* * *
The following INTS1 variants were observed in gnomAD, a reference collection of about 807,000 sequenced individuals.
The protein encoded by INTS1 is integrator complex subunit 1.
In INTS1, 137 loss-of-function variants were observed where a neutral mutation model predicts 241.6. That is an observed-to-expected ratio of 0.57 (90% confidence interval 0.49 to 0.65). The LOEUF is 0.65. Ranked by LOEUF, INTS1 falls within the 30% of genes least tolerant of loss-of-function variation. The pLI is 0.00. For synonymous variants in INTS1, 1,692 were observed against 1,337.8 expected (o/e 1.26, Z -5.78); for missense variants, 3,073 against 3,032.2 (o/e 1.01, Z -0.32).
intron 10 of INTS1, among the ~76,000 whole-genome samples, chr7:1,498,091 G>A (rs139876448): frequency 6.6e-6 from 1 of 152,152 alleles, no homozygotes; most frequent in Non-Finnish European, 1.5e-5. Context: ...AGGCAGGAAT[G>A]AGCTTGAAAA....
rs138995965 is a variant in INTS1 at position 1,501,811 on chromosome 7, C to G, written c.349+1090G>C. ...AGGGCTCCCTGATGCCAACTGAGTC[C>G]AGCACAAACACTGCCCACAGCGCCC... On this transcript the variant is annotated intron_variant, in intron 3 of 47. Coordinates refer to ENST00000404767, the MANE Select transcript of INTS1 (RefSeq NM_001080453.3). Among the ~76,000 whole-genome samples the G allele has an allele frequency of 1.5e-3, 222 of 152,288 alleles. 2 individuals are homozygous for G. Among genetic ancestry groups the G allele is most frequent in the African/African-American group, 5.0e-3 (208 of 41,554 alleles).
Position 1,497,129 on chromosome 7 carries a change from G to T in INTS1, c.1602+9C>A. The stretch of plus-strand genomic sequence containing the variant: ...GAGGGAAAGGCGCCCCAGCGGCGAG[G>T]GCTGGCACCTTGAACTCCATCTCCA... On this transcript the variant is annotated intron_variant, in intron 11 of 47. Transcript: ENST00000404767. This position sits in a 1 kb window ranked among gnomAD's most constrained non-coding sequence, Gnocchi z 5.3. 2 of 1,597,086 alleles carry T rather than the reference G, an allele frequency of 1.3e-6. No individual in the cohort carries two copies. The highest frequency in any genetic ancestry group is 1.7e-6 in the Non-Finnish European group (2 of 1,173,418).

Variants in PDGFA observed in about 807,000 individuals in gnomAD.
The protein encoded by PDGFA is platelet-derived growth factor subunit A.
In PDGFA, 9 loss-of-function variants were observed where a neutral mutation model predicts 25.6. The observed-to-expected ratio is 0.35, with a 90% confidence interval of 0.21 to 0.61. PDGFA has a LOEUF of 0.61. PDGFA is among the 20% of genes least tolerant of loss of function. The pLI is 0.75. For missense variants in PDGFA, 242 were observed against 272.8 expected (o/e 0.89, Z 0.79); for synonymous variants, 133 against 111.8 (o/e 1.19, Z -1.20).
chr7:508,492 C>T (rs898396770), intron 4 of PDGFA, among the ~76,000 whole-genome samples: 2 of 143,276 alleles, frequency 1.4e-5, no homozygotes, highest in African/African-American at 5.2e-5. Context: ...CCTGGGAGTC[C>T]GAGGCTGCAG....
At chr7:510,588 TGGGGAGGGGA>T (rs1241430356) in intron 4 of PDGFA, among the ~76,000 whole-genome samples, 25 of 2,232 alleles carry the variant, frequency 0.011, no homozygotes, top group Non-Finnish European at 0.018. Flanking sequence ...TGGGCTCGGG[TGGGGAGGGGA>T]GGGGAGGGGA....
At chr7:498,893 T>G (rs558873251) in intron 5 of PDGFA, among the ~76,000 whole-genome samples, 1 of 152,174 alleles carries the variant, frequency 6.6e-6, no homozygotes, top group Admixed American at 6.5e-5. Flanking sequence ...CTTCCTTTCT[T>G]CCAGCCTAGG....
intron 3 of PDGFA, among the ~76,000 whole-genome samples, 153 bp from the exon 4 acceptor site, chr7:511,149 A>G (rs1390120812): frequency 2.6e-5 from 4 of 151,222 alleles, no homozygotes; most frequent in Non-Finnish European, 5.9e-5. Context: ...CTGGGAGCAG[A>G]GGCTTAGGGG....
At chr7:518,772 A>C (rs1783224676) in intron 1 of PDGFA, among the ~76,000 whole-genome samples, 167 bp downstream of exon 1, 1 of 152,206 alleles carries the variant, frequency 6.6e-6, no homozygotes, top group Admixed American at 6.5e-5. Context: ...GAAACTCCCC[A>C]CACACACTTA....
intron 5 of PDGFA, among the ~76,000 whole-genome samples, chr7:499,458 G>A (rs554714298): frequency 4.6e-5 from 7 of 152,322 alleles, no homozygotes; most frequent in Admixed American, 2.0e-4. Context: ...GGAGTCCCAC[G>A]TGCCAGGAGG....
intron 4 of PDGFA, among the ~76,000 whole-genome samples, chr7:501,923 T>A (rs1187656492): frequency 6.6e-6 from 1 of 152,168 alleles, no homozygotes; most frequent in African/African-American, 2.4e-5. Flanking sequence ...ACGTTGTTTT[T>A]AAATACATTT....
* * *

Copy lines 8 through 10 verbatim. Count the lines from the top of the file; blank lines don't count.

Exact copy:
The protein encoded by PDGFA is platelet-derived growth factor subunit A.
In PDGFA, 9 loss-of-function variants were observed where a neutral mutation model predicts 25.6. The observed-to-expected ratio is 0.35, with a 90% confidence interval of 0.21 to 0.61. PDGFA has a LOEUF of 0.61. PDGFA is among the 20% of genes least tolerant of loss of function. The pLI is 0.75. For missense variants in PDGFA, 242 were observed against 272.8 expected (o/e 0.89, Z 0.79); for synonymous variants, 133 against 111.8 (o/e 1.19, Z -1.20).
chr7:508,492 C>T (rs898396770), intron 4 of PDGFA, among the ~76,000 whole-genome samples: 2 of 143,276 alleles, frequency 1.4e-5, no homozygotes, highest in African/African-American at 5.2e-5. Context: ...CCTGGGAGTC[C>T]GAGGCTGCAG....